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As shutdown persists, McConnell and Senate GOP remain on the sidelines

The number of votes the Republican-led Senate has held to end the shutdown, at least so far, is zero.
Senate Majority Leader Mitch McConnell speaks to reporters in the U.S. Capitol in Washington, May 17, 2016. (Photo by Kevin Lamarque/Reuters)
Senate Majority Leader Mitch McConnell speaks to reporters in the U.S. Capitol in Washington, May 17, 2016.

Donald Trump argued over the weekend that congressional Democrats should return to Capitol Hill "and work to end the Shutdown." It followed related remarks the president made on Friday, in which he said Democratic lawmakers should "come back and vote."

I suppose the message that the public is supposed to believe -- after this and a series of related missives Trump either published or re-tweeted -- is that the Democratic-led House just isn't doing enough work to resolve the shutdown the president created more than three weeks ago.

It's an odd argument for a couple of reasons. The first is that House Dems, immediately after taking the reins in the chamber, started passing measures that would re-open the government and end the shutdown. So far, each of the bills has passed with at least some bipartisan support, and the measures mirror the proposals Republicans -- including the president -- supported as recently as Dec. 19, which is less than a month ago.

The idea that Democrats are just sitting passively, uninterested in resolving the problem, is belied by their obvious legislative record. Trump wants Dems to "come back and vote," despite the fact that they've already done this.

The second angle dovetails nicely with the first: it's the Republican-led Senate that's sitting on its hands. The Washington Post's Colby Itkowitz explained the other day:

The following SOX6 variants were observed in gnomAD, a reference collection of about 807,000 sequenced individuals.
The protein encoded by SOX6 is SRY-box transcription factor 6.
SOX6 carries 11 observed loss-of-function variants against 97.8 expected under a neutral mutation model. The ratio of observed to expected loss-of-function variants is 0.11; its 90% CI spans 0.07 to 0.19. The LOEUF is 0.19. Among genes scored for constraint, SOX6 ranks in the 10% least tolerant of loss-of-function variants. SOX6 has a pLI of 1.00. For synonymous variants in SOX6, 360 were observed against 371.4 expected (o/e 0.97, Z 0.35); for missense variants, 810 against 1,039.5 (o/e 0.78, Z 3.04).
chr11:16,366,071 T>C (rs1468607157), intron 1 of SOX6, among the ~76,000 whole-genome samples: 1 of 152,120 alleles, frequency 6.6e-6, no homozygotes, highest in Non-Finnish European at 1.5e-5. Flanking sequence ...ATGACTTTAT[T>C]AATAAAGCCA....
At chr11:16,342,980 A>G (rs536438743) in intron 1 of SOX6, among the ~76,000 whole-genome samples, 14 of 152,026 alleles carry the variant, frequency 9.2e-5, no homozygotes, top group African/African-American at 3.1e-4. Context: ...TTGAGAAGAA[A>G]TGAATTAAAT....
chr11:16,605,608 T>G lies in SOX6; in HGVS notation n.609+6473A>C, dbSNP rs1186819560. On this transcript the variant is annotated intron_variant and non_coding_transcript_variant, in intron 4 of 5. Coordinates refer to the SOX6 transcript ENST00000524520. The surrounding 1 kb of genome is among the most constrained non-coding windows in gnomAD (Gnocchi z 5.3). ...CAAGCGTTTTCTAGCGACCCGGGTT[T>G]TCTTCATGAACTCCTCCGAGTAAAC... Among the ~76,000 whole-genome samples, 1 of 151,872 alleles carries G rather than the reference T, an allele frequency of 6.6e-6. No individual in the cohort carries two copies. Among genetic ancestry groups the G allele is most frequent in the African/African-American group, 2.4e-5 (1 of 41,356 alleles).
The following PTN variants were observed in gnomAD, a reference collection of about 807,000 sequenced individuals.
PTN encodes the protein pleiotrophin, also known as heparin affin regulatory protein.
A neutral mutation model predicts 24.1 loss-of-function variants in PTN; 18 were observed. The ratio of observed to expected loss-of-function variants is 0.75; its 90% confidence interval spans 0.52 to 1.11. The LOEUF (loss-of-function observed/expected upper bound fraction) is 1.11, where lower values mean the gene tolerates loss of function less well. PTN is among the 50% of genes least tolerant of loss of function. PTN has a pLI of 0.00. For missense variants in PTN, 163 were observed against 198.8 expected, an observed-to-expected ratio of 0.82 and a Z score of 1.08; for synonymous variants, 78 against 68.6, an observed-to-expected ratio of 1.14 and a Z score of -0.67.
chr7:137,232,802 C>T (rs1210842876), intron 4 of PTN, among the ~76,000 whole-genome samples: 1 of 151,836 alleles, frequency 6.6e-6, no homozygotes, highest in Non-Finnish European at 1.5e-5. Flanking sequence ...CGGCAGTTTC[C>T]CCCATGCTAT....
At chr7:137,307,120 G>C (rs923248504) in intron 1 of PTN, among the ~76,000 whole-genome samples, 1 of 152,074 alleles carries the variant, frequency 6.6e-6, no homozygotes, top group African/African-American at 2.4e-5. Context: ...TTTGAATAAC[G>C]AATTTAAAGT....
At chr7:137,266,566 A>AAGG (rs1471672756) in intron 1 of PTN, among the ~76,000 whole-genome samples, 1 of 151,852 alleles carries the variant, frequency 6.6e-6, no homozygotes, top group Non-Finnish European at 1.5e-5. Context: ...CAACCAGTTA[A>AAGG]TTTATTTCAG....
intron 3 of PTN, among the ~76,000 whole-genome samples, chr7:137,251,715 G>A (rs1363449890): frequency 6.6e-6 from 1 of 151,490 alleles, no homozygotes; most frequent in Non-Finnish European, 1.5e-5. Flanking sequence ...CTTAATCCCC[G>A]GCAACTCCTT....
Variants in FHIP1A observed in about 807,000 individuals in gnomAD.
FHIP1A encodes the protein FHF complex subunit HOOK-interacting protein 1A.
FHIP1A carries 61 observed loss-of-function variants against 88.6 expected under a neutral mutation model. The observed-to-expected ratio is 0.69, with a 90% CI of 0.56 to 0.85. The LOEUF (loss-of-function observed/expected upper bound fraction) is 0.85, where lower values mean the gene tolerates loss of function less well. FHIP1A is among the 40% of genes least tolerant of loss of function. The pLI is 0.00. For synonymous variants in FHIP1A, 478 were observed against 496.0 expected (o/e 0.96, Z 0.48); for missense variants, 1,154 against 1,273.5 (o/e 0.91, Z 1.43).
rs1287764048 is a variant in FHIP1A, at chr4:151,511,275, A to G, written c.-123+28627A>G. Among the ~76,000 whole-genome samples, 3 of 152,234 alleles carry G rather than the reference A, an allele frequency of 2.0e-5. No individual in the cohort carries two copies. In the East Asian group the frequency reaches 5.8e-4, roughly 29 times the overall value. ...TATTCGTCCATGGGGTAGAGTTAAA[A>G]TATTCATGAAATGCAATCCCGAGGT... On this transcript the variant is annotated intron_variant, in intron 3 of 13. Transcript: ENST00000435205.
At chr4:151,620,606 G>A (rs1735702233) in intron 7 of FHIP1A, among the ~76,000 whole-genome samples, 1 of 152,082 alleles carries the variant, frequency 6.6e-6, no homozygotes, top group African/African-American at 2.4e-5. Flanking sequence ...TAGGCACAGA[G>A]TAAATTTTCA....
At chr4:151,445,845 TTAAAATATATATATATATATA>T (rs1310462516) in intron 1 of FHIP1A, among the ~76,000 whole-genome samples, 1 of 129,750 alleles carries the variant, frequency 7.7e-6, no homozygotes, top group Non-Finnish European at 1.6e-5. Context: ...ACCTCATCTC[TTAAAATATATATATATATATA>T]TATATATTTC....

President Trump is not the only person in Washington who could end this government shutdown now.Senate Majority Leader Mitch McConnell (R-Ky.) could bring a "clean" funding bill to the floor, free up his GOP caucus to support it and could quite possibly secure enough votes to override a presidential veto.

Since the start of the new Congress, the Democratic-led House has voted four times on measures that would re-open all or some of the federal government. The number of votes in the Republican-led Senate, at least so far, is zero -- and that's not because of filibusters, but rather, because Senate Majority Leader Mitch McConnell hasn't brought any bills related to the shutdown to the floor.

The GOP leader's argument has been that there's simply no point in passing bills the president opposes. I disagree. For one thing, Trump has been known to change his mind for mercurial and unpredictable reasons. Put a bill in front of him that would end the shutdown and Trump might feel compelled to sign it, even if he says otherwise.

For another, as McConnell may recall, the Constitution offers lawmakers a tool known as a "veto override."

All the Kentucky Republican, who's maintaining an alarmingly low profile as the fight drags on, has to do is stop pretending that Trump is his boss, and take the same position McConnell held four weeks ago.